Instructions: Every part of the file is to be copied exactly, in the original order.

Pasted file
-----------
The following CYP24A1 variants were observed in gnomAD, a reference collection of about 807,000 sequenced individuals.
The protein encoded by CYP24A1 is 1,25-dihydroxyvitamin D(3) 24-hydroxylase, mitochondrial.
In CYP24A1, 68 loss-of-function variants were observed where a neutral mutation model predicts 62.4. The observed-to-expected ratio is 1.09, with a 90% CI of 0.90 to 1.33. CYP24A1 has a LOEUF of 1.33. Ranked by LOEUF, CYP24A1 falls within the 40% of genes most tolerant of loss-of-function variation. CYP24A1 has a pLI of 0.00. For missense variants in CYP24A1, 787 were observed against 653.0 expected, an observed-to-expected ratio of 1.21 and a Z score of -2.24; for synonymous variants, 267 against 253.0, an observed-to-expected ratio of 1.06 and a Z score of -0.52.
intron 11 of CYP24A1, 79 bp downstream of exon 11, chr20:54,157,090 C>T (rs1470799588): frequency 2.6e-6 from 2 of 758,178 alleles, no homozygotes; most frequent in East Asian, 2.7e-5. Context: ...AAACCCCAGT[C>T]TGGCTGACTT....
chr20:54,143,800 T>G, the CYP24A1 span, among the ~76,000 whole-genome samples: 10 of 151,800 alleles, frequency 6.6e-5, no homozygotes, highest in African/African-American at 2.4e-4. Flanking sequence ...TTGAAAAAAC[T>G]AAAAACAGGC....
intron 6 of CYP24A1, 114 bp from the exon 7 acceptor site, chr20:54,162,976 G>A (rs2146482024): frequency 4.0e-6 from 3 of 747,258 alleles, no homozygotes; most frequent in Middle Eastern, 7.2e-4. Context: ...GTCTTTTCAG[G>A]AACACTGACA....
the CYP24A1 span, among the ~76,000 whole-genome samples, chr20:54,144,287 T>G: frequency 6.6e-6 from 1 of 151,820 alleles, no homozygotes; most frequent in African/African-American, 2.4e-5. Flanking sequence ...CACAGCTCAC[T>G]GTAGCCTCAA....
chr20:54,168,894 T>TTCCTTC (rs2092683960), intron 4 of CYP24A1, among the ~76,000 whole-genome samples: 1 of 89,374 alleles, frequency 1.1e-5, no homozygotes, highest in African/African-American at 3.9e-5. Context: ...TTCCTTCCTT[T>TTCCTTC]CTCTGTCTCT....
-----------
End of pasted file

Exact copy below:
The following CYP24A1 variants were observed in gnomAD, a reference collection of about 807,000 sequenced individuals.
The protein encoded by CYP24A1 is 1,25-dihydroxyvitamin D(3) 24-hydroxylase, mitochondrial.
In CYP24A1, 68 loss-of-function variants were observed where a neutral mutation model predicts 62.4. The observed-to-expected ratio is 1.09, with a 90% CI of 0.90 to 1.33. CYP24A1 has a LOEUF of 1.33. Ranked by LOEUF, CYP24A1 falls within the 40% of genes most tolerant of loss-of-function variation. CYP24A1 has a pLI of 0.00. For missense variants in CYP24A1, 787 were observed against 653.0 expected, an observed-to-expected ratio of 1.21 and a Z score of -2.24; for synonymous variants, 267 against 253.0, an observed-to-expected ratio of 1.06 and a Z score of -0.52.
intron 11 of CYP24A1, 79 bp downstream of exon 11, chr20:54,157,090 C>T (rs1470799588): frequency 2.6e-6 from 2 of 758,178 alleles, no homozygotes; most frequent in East Asian, 2.7e-5. Context: ...AAACCCCAGT[C>T]TGGCTGACTT....
chr20:54,143,800 T>G, the CYP24A1 span, among the ~76,000 whole-genome samples: 10 of 151,800 alleles, frequency 6.6e-5, no homozygotes, highest in African/African-American at 2.4e-4. Flanking sequence ...TTGAAAAAAC[T>G]AAAAACAGGC....
intron 6 of CYP24A1, 114 bp from the exon 7 acceptor site, chr20:54,162,976 G>A (rs2146482024): frequency 4.0e-6 from 3 of 747,258 alleles, no homozygotes; most frequent in Middle Eastern, 7.2e-4. Context: ...GTCTTTTCAG[G>A]AACACTGACA....
the CYP24A1 span, among the ~76,000 whole-genome samples, chr20:54,144,287 T>G: frequency 6.6e-6 from 1 of 151,820 alleles, no homozygotes; most frequent in African/African-American, 2.4e-5. Flanking sequence ...CACAGCTCAC[T>G]GTAGCCTCAA....
chr20:54,168,894 T>TTCCTTC (rs2092683960), intron 4 of CYP24A1, among the ~76,000 whole-genome samples: 1 of 89,374 alleles, frequency 1.1e-5, no homozygotes, highest in African/African-American at 3.9e-5. Context: ...TTCCTTCCTT[T>TTCCTTC]CTCTGTCTCT....